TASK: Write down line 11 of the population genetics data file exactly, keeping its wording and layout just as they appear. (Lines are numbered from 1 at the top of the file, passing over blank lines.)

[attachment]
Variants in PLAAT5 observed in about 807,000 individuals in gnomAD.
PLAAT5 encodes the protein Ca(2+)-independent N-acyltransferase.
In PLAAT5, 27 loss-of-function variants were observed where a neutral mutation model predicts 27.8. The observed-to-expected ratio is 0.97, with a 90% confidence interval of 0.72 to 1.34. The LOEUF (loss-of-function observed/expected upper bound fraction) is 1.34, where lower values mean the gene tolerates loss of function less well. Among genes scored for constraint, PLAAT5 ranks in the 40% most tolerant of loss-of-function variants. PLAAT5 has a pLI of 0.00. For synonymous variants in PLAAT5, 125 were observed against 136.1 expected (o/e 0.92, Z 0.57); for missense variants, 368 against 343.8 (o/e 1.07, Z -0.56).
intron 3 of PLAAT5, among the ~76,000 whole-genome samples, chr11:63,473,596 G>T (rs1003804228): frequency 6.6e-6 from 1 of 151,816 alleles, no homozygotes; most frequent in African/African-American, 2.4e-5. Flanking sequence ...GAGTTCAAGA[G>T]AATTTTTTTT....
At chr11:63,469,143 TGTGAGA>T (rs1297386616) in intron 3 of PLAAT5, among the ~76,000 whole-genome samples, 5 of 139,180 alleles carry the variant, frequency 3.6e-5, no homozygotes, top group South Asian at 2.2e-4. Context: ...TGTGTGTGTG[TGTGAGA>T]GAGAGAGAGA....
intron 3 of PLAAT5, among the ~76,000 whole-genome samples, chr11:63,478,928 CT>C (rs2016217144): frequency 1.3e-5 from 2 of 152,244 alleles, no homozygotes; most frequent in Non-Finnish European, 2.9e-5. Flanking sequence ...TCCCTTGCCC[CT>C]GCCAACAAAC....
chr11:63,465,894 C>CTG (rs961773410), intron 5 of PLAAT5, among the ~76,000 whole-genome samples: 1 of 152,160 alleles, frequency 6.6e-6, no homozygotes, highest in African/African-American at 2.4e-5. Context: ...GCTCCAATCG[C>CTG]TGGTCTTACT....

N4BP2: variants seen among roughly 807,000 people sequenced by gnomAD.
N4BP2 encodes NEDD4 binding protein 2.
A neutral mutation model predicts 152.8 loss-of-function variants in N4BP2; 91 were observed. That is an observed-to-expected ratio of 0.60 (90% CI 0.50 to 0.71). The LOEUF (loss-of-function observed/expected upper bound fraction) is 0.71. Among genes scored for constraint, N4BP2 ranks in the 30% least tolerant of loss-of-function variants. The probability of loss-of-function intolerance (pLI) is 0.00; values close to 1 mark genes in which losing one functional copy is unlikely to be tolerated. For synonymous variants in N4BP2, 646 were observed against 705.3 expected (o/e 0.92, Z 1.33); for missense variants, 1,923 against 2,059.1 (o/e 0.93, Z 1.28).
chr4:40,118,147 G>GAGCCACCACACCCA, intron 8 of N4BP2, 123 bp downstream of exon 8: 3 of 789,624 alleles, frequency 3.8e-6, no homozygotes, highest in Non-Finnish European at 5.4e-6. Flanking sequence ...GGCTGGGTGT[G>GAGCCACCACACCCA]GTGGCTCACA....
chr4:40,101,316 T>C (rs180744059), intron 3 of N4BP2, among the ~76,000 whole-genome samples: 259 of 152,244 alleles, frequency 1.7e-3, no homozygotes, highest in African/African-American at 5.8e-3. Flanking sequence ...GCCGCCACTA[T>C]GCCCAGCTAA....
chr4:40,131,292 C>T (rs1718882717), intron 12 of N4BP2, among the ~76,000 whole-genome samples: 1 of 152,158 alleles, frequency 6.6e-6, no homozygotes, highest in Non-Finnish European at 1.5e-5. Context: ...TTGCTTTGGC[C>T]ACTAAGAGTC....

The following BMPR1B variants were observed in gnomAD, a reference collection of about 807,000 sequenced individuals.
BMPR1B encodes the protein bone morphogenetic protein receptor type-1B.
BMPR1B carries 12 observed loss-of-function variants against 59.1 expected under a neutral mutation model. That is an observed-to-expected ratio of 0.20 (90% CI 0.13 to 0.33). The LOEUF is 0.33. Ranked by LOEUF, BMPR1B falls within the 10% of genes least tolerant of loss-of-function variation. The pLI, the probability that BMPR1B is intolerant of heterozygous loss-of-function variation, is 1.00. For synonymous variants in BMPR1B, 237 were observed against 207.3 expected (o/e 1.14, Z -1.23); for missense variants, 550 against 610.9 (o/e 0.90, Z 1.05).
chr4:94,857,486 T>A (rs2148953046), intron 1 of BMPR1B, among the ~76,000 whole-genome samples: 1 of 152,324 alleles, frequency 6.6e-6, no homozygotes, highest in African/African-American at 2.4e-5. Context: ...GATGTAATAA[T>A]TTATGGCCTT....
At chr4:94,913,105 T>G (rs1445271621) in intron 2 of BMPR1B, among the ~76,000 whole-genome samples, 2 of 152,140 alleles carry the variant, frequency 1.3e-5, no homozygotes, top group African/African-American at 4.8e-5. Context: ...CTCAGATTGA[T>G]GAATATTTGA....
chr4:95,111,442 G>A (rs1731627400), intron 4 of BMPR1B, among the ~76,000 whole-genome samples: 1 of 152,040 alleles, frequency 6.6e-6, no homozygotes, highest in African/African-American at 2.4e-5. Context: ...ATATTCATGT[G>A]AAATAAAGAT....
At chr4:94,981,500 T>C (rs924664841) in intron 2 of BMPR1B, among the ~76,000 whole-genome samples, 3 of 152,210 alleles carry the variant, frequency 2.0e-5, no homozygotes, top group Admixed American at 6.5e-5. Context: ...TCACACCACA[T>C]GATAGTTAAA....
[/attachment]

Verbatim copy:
chr4:40,118,147 G>GAGCCACCACACCCA, intron 8 of N4BP2, 123 bp downstream of exon 8: 3 of 789,624 alleles, frequency 3.8e-6, no homozygotes, highest in Non-Finnish European at 5.4e-6. Flanking sequence ...GGCTGGGTGT[G>GAGCCACCACACCCA]GTGGCTCACA....